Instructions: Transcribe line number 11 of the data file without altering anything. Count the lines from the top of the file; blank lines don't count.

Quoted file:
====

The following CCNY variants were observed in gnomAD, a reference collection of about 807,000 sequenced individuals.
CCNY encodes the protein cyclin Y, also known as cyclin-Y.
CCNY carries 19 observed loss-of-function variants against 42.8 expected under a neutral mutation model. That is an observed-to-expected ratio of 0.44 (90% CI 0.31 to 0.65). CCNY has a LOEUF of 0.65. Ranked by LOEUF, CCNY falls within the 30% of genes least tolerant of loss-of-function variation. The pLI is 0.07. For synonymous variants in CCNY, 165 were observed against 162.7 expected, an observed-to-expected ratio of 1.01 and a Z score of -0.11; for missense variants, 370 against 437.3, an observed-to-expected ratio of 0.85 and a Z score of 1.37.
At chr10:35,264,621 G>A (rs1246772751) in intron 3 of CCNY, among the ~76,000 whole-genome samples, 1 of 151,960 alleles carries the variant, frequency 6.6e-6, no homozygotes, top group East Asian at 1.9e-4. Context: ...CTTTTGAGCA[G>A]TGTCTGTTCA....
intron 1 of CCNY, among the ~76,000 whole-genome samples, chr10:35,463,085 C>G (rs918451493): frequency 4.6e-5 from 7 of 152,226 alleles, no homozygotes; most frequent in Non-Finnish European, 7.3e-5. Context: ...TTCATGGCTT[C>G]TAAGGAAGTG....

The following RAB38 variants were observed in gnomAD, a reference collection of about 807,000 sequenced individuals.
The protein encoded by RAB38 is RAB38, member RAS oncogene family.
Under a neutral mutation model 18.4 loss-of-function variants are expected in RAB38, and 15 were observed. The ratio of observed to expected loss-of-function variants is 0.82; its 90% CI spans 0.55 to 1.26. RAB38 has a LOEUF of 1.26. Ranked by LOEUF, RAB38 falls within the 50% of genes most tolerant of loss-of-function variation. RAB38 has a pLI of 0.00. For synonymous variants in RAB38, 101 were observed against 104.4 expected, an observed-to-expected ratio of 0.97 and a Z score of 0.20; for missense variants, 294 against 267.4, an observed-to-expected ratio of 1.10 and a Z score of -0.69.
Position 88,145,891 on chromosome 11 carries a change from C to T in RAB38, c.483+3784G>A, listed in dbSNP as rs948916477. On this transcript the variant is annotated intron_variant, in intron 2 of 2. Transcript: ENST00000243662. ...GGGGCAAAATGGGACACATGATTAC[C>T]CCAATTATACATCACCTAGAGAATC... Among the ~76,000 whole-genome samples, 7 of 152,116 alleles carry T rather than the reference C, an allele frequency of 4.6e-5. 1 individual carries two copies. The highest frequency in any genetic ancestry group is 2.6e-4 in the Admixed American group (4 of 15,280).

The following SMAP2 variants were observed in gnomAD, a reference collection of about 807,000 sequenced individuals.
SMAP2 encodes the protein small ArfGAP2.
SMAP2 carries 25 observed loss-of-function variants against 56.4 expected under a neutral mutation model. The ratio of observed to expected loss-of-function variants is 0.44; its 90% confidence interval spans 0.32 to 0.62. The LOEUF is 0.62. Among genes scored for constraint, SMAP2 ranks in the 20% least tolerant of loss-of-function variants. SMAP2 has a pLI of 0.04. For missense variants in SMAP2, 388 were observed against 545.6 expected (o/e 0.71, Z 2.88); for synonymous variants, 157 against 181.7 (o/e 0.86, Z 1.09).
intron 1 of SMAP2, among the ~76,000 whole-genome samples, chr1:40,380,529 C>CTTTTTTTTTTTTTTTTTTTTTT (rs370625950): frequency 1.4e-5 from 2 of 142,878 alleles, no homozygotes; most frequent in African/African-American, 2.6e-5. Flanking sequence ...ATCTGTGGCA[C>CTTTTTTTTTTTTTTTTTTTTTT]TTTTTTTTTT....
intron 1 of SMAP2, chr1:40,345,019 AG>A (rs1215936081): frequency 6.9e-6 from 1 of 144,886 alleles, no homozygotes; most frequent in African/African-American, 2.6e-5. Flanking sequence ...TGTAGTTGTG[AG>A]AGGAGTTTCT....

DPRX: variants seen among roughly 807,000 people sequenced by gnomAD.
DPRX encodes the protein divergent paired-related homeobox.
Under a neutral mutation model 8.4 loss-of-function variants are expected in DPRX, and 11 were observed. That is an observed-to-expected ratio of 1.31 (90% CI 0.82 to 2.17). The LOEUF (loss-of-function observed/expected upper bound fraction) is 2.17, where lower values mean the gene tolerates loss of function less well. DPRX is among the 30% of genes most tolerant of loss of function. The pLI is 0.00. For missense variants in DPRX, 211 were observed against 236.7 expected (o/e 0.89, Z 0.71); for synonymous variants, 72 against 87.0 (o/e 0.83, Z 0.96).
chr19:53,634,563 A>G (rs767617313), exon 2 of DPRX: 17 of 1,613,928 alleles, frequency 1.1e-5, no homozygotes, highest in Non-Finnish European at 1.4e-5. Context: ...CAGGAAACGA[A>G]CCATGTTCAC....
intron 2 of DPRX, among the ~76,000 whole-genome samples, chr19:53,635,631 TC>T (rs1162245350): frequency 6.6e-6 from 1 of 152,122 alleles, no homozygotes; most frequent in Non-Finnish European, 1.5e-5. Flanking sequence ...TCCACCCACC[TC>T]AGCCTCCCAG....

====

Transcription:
SMAP2 encodes the protein small ArfGAP2.